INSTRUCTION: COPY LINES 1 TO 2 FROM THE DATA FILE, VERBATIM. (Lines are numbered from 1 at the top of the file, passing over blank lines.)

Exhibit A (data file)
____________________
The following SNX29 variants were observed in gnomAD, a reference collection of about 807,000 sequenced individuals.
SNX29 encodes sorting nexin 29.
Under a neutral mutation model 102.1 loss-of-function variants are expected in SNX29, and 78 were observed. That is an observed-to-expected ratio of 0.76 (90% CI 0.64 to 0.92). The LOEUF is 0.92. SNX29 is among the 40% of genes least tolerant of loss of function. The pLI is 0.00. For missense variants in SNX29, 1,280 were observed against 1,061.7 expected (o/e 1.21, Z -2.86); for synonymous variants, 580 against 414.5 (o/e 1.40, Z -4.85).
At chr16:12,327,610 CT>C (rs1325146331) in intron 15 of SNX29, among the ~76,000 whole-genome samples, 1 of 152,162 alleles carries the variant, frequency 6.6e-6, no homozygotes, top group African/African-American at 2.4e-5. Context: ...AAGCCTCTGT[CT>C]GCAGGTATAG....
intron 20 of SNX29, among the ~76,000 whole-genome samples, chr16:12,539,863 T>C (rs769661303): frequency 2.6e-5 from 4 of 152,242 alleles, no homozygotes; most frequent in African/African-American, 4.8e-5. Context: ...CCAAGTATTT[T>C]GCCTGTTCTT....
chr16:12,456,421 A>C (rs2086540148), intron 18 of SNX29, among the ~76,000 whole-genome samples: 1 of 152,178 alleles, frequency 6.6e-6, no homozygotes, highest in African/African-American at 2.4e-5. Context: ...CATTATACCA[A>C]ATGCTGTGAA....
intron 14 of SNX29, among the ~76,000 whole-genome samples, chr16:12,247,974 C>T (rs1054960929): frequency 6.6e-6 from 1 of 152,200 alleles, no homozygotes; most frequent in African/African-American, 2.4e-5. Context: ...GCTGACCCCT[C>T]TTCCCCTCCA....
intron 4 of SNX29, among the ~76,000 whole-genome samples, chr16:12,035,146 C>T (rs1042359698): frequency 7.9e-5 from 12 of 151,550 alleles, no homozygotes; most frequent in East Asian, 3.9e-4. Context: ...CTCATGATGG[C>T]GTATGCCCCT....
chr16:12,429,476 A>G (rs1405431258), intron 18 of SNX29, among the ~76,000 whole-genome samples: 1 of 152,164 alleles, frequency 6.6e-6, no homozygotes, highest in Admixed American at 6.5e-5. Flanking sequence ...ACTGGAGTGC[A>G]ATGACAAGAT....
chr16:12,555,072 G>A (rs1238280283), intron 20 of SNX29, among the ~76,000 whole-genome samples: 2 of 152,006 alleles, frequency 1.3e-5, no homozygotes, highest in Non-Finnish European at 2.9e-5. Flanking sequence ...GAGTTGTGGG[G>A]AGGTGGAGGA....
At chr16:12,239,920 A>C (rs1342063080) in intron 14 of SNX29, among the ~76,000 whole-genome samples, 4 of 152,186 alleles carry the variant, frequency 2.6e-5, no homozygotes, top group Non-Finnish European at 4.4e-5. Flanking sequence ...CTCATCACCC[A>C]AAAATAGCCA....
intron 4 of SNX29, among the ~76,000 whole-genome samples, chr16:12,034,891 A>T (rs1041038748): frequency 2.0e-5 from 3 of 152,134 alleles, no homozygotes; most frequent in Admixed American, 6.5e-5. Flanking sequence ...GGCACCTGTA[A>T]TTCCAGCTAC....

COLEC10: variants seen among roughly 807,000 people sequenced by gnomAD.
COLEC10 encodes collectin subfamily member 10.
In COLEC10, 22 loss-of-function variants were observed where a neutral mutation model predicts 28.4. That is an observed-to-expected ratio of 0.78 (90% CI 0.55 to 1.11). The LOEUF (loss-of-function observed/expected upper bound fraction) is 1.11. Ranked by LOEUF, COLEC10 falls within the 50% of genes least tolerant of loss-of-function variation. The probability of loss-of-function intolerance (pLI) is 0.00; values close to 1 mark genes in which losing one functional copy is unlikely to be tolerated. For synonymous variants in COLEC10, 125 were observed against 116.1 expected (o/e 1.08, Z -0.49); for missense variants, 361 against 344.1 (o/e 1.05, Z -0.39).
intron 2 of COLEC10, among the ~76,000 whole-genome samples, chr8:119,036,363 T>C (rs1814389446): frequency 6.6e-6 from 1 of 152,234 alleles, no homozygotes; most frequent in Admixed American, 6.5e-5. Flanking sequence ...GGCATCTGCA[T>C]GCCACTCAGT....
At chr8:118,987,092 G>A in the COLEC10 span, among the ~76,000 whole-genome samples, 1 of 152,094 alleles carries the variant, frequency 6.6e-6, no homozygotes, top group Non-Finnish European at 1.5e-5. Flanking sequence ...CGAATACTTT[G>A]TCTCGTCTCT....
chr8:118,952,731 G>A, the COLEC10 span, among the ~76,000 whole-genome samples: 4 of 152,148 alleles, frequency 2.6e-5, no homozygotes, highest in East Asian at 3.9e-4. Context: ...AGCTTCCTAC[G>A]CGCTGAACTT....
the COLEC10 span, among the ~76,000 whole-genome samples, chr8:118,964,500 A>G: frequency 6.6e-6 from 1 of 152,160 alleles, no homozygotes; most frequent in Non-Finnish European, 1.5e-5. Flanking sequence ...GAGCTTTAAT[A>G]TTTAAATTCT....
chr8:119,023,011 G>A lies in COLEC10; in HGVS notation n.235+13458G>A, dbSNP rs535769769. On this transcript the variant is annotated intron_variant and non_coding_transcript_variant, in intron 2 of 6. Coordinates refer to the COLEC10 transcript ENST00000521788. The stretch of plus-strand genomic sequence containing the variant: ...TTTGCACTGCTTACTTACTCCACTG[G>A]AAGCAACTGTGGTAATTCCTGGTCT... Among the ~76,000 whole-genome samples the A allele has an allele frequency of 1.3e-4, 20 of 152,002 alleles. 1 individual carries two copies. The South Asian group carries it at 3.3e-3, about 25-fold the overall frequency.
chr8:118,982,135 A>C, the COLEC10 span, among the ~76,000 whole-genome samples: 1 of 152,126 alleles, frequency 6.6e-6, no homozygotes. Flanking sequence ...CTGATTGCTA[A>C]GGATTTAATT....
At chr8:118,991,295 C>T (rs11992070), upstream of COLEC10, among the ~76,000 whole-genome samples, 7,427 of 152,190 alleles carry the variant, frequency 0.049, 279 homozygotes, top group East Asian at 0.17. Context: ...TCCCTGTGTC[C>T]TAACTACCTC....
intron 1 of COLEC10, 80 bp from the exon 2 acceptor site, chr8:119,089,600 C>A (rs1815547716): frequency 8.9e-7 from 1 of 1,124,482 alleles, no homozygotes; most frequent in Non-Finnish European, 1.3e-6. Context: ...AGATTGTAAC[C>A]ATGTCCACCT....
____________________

The following SNX29 variants were observed in gnomAD, a reference collection of about 807,000 sequenced individuals.
SNX29 encodes sorting nexin 29.